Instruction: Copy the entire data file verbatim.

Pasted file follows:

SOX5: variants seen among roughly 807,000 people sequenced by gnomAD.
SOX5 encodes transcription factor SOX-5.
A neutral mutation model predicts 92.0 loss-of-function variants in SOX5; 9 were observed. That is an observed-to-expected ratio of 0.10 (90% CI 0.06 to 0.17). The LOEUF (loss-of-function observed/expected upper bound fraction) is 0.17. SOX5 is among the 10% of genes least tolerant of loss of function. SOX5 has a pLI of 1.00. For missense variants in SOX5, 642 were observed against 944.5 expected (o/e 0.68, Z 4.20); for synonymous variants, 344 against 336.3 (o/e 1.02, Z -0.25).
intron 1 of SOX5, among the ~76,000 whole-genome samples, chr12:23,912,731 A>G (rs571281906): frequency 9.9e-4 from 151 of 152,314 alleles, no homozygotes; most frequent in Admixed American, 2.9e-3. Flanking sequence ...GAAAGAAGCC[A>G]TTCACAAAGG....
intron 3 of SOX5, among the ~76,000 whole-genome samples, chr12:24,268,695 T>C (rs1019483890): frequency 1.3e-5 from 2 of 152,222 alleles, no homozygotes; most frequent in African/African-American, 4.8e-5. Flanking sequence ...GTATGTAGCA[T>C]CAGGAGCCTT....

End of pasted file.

SOX5: variants seen among roughly 807,000 people sequenced by gnomAD.
SOX5 encodes transcription factor SOX-5.
A neutral mutation model predicts 92.0 loss-of-function variants in SOX5; 9 were observed. That is an observed-to-expected ratio of 0.10 (90% CI 0.06 to 0.17). The LOEUF (loss-of-function observed/expected upper bound fraction) is 0.17. SOX5 is among the 10% of genes least tolerant of loss of function. SOX5 has a pLI of 1.00. For missense variants in SOX5, 642 were observed against 944.5 expected (o/e 0.68, Z 4.20); for synonymous variants, 344 against 336.3 (o/e 1.02, Z -0.25).
intron 1 of SOX5, among the ~76,000 whole-genome samples, chr12:23,912,731 A>G (rs571281906): frequency 9.9e-4 from 151 of 152,314 alleles, no homozygotes; most frequent in Admixed American, 2.9e-3. Flanking sequence ...GAAAGAAGCC[A>G]TTCACAAAGG....
intron 3 of SOX5, among the ~76,000 whole-genome samples, chr12:24,268,695 T>C (rs1019483890): frequency 1.3e-5 from 2 of 152,222 alleles, no homozygotes; most frequent in African/African-American, 4.8e-5. Flanking sequence ...GTATGTAGCA[T>C]CAGGAGCCTT....